A bikini is a women's two-piece swimsuit featuring two triangles of fabric on top that cover the woman's breasts, and two triangles of fabric on the bottom: the front covering the pelvis but exposing the navel, and the back covering the buttocks. The size of the top and bottom can vary, from bikinis that offer full coverage of the breasts, pelvis, and buttocks, to more revealing designs with a thong or G-string bottom that covers only the mons pubis, but exposes the buttocks, and a top that covers little more than the areolae.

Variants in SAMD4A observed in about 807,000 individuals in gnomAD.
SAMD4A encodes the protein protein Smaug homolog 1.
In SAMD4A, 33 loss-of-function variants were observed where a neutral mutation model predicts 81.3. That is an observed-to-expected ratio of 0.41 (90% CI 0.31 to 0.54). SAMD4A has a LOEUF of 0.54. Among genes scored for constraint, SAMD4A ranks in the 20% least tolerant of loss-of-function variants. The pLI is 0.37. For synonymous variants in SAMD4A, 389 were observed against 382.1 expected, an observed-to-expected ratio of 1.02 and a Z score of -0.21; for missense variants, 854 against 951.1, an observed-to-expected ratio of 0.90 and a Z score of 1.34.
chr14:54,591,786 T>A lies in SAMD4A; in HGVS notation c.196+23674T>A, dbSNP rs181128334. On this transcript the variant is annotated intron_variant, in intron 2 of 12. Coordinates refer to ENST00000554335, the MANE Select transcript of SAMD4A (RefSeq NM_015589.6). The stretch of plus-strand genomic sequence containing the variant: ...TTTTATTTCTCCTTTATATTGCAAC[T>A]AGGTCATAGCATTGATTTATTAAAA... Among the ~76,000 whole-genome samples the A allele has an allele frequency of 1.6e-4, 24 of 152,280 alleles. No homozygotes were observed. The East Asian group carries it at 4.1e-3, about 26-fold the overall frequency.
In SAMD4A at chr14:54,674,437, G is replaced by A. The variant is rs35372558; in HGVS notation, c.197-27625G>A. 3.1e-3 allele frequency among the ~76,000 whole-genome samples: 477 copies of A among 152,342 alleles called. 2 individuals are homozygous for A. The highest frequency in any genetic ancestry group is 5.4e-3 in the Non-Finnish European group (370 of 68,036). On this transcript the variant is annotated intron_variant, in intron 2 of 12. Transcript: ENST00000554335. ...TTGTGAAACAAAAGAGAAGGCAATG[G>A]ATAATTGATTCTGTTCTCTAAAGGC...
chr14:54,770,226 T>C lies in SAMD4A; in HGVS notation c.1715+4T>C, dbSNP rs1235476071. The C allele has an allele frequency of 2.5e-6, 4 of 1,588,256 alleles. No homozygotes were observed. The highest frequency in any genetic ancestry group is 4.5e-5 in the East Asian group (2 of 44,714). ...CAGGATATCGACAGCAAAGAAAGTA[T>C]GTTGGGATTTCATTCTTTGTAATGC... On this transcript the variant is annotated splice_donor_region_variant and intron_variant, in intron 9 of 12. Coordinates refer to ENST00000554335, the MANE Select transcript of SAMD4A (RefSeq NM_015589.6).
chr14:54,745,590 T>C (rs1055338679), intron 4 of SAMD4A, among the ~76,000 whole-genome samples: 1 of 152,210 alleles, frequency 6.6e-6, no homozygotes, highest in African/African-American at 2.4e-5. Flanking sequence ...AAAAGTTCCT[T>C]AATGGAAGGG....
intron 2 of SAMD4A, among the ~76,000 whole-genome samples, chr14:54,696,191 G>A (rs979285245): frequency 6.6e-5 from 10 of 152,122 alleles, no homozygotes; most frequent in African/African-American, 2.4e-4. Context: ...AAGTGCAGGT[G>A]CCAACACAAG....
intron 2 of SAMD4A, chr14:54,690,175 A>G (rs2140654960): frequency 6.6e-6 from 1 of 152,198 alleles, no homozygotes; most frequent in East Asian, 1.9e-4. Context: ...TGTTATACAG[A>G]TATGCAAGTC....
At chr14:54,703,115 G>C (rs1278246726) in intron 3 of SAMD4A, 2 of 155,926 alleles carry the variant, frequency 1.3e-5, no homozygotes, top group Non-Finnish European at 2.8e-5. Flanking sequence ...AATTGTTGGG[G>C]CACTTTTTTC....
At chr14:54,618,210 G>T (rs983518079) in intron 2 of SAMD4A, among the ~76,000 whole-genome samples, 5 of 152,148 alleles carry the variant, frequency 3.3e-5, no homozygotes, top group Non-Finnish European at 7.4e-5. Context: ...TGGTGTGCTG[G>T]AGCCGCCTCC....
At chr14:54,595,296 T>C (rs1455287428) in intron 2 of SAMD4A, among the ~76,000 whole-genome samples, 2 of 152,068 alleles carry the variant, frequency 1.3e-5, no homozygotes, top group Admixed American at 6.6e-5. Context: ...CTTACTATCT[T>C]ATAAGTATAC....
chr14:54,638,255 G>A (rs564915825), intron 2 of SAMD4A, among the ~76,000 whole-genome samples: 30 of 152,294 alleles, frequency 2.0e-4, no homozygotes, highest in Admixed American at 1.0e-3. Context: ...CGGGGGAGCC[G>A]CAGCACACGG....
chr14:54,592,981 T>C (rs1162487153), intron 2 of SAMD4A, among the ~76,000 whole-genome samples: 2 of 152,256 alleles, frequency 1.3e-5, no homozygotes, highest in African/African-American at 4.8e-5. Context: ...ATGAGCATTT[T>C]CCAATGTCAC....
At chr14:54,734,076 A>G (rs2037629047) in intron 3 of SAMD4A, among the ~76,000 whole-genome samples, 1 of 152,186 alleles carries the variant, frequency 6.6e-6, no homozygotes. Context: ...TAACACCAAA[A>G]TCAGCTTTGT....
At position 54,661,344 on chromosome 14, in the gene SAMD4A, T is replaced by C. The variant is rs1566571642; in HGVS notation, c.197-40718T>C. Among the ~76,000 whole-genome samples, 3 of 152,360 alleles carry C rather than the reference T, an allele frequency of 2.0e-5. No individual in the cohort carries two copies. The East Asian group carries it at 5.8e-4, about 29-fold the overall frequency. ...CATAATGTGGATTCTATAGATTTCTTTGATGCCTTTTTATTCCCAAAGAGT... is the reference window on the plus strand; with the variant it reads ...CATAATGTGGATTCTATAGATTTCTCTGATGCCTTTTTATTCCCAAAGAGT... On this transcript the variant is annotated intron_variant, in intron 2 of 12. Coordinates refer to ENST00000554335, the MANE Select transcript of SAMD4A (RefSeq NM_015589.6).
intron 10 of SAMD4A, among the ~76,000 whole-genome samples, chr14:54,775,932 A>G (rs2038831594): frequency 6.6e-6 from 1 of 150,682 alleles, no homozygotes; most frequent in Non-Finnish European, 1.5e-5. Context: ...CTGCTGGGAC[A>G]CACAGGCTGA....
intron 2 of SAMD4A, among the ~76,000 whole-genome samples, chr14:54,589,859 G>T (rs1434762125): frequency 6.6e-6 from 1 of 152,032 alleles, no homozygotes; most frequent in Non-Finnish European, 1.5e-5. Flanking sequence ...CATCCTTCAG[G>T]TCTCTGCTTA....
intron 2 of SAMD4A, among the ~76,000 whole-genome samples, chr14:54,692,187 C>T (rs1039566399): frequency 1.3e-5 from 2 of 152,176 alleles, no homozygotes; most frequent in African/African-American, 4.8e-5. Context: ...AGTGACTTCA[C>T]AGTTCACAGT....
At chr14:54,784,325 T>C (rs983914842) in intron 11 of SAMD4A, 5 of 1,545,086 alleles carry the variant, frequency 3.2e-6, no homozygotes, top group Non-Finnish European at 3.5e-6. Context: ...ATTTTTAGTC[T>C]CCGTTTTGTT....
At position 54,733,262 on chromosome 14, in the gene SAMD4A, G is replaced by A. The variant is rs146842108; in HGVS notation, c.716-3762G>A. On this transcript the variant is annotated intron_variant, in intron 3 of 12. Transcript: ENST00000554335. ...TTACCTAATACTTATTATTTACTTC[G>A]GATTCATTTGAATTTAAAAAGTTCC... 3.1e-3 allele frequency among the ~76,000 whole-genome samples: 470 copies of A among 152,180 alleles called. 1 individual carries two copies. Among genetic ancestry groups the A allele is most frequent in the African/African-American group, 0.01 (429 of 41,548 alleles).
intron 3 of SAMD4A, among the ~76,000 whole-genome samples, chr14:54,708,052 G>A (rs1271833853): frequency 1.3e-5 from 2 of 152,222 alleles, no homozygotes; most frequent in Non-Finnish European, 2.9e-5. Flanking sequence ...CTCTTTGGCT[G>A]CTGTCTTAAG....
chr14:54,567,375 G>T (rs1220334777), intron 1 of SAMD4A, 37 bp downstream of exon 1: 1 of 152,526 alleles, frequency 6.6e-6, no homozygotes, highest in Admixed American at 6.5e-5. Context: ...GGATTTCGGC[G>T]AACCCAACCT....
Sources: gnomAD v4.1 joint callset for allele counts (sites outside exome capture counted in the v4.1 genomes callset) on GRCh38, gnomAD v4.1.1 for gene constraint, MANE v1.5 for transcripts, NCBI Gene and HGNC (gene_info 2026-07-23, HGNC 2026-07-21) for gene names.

In May 1946, Parisian fashion designer Jacques Heim released a two-piece swimsuit design that he named the Atome and advertised as "the smallest swimsuit in the world". Like swimsuits of the era, it covered the wearer's navel, and it failed to attract much attention. Clothing designer Louis Réard introduced his new, smaller design in July. He named the swimsuit after the Bikini Atoll, where the first public test of a nuclear bomb had taken place four days before. His skimpy design was risqué, exposing the wearer's navel and much of her buttocks.